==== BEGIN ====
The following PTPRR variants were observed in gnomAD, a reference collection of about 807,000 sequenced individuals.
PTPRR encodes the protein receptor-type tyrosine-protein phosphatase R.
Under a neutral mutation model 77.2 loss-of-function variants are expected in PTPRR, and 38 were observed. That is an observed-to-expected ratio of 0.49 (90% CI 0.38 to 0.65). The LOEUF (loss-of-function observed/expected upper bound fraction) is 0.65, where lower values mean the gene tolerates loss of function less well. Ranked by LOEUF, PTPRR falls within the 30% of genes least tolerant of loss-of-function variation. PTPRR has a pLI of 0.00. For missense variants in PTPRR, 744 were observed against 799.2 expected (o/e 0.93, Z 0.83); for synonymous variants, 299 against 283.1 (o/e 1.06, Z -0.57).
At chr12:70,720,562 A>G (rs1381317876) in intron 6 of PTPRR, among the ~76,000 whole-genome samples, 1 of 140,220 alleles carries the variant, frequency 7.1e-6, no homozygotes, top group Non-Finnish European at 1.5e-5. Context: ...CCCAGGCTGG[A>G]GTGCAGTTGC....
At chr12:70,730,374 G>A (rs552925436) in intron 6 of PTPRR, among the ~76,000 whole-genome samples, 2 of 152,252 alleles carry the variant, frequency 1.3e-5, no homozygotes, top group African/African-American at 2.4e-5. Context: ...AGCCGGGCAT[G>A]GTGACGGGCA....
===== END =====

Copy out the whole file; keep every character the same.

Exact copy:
The following PTPRR variants were observed in gnomAD, a reference collection of about 807,000 sequenced individuals.
PTPRR encodes the protein receptor-type tyrosine-protein phosphatase R.
Under a neutral mutation model 77.2 loss-of-function variants are expected in PTPRR, and 38 were observed. That is an observed-to-expected ratio of 0.49 (90% CI 0.38 to 0.65). The LOEUF (loss-of-function observed/expected upper bound fraction) is 0.65, where lower values mean the gene tolerates loss of function less well. Ranked by LOEUF, PTPRR falls within the 30% of genes least tolerant of loss-of-function variation. PTPRR has a pLI of 0.00. For missense variants in PTPRR, 744 were observed against 799.2 expected (o/e 0.93, Z 0.83); for synonymous variants, 299 against 283.1 (o/e 1.06, Z -0.57).
At chr12:70,720,562 A>G (rs1381317876) in intron 6 of PTPRR, among the ~76,000 whole-genome samples, 1 of 140,220 alleles carries the variant, frequency 7.1e-6, no homozygotes, top group Non-Finnish European at 1.5e-5. Context: ...CCCAGGCTGG[A>G]GTGCAGTTGC....
At chr12:70,730,374 G>A (rs552925436) in intron 6 of PTPRR, among the ~76,000 whole-genome samples, 2 of 152,252 alleles carry the variant, frequency 1.3e-5, no homozygotes, top group African/African-American at 2.4e-5. Context: ...AGCCGGGCAT[G>A]GTGACGGGCA....